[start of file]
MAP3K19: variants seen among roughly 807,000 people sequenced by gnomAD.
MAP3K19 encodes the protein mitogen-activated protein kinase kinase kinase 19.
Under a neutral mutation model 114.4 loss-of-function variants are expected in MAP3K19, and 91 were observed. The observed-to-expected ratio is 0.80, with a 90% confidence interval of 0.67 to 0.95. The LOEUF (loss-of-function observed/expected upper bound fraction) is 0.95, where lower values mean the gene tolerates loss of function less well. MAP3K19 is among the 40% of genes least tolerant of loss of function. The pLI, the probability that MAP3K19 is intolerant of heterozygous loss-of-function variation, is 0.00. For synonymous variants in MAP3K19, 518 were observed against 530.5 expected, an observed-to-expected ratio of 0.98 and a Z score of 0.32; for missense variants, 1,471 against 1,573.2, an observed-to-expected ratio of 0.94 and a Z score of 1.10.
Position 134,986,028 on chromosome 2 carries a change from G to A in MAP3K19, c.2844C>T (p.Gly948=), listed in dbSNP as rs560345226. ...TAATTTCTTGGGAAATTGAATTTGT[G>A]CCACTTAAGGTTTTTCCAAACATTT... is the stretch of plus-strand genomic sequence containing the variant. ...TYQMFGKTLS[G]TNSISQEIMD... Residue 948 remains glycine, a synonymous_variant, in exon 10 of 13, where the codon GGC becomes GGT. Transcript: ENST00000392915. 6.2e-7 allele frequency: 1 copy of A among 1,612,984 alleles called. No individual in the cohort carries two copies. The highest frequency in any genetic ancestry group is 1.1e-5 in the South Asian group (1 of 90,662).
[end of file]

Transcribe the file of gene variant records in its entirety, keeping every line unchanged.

MAP3K19: variants seen among roughly 807,000 people sequenced by gnomAD.
MAP3K19 encodes the protein mitogen-activated protein kinase kinase kinase 19.
Under a neutral mutation model 114.4 loss-of-function variants are expected in MAP3K19, and 91 were observed. The observed-to-expected ratio is 0.80, with a 90% confidence interval of 0.67 to 0.95. The LOEUF (loss-of-function observed/expected upper bound fraction) is 0.95, where lower values mean the gene tolerates loss of function less well. MAP3K19 is among the 40% of genes least tolerant of loss of function. The pLI, the probability that MAP3K19 is intolerant of heterozygous loss-of-function variation, is 0.00. For synonymous variants in MAP3K19, 518 were observed against 530.5 expected, an observed-to-expected ratio of 0.98 and a Z score of 0.32; for missense variants, 1,471 against 1,573.2, an observed-to-expected ratio of 0.94 and a Z score of 1.10.
Position 134,986,028 on chromosome 2 carries a change from G to A in MAP3K19, c.2844C>T (p.Gly948=), listed in dbSNP as rs560345226. ...TAATTTCTTGGGAAATTGAATTTGT[G>A]CCACTTAAGGTTTTTCCAAACATTT... is the stretch of plus-strand genomic sequence containing the variant. ...TYQMFGKTLS[G]TNSISQEIMD... Residue 948 remains glycine, a synonymous_variant, in exon 10 of 13, where the codon GGC becomes GGT. Transcript: ENST00000392915. 6.2e-7 allele frequency: 1 copy of A among 1,612,984 alleles called. No individual in the cohort carries two copies. The highest frequency in any genetic ancestry group is 1.1e-5 in the South Asian group (1 of 90,662).